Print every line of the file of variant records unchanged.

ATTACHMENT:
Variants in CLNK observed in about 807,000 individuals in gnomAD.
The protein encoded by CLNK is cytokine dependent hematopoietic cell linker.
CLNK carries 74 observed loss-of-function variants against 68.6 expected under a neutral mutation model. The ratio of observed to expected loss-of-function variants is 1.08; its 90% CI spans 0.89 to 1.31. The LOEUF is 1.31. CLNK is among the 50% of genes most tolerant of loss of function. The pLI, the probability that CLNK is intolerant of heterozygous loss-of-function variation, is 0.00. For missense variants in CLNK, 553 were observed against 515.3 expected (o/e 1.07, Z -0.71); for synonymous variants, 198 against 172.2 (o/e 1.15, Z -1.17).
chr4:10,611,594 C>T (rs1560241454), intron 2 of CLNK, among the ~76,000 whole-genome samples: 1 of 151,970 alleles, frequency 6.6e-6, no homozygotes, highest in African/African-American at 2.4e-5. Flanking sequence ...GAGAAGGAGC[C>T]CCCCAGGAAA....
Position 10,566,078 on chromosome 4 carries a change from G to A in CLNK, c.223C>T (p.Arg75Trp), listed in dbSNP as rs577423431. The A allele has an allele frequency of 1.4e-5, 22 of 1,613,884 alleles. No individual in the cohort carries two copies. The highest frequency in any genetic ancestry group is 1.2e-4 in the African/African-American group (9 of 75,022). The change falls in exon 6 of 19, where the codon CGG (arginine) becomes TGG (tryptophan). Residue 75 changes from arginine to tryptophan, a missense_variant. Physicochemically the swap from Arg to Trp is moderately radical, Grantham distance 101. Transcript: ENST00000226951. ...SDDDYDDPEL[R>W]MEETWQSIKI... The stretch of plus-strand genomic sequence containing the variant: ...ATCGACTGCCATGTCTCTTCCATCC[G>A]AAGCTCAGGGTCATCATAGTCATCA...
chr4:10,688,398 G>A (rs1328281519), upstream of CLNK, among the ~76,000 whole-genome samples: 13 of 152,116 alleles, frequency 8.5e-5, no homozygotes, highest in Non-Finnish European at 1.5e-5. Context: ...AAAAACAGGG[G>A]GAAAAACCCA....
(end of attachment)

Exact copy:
Variants in CLNK observed in about 807,000 individuals in gnomAD.
The protein encoded by CLNK is cytokine dependent hematopoietic cell linker.
CLNK carries 74 observed loss-of-function variants against 68.6 expected under a neutral mutation model. The ratio of observed to expected loss-of-function variants is 1.08; its 90% CI spans 0.89 to 1.31. The LOEUF is 1.31. CLNK is among the 50% of genes most tolerant of loss of function. The pLI, the probability that CLNK is intolerant of heterozygous loss-of-function variation, is 0.00. For missense variants in CLNK, 553 were observed against 515.3 expected (o/e 1.07, Z -0.71); for synonymous variants, 198 against 172.2 (o/e 1.15, Z -1.17).
chr4:10,611,594 C>T (rs1560241454), intron 2 of CLNK, among the ~76,000 whole-genome samples: 1 of 151,970 alleles, frequency 6.6e-6, no homozygotes, highest in African/African-American at 2.4e-5. Flanking sequence ...GAGAAGGAGC[C>T]CCCCAGGAAA....
Position 10,566,078 on chromosome 4 carries a change from G to A in CLNK, c.223C>T (p.Arg75Trp), listed in dbSNP as rs577423431. The A allele has an allele frequency of 1.4e-5, 22 of 1,613,884 alleles. No individual in the cohort carries two copies. The highest frequency in any genetic ancestry group is 1.2e-4 in the African/African-American group (9 of 75,022). The change falls in exon 6 of 19, where the codon CGG (arginine) becomes TGG (tryptophan). Residue 75 changes from arginine to tryptophan, a missense_variant. Physicochemically the swap from Arg to Trp is moderately radical, Grantham distance 101. Transcript: ENST00000226951. ...SDDDYDDPEL[R>W]MEETWQSIKI... The stretch of plus-strand genomic sequence containing the variant: ...ATCGACTGCCATGTCTCTTCCATCC[G>A]AAGCTCAGGGTCATCATAGTCATCA...
chr4:10,688,398 G>A (rs1328281519), upstream of CLNK, among the ~76,000 whole-genome samples: 13 of 152,116 alleles, frequency 8.5e-5, no homozygotes, highest in Non-Finnish European at 1.5e-5. Context: ...AAAAACAGGG[G>A]GAAAAACCCA....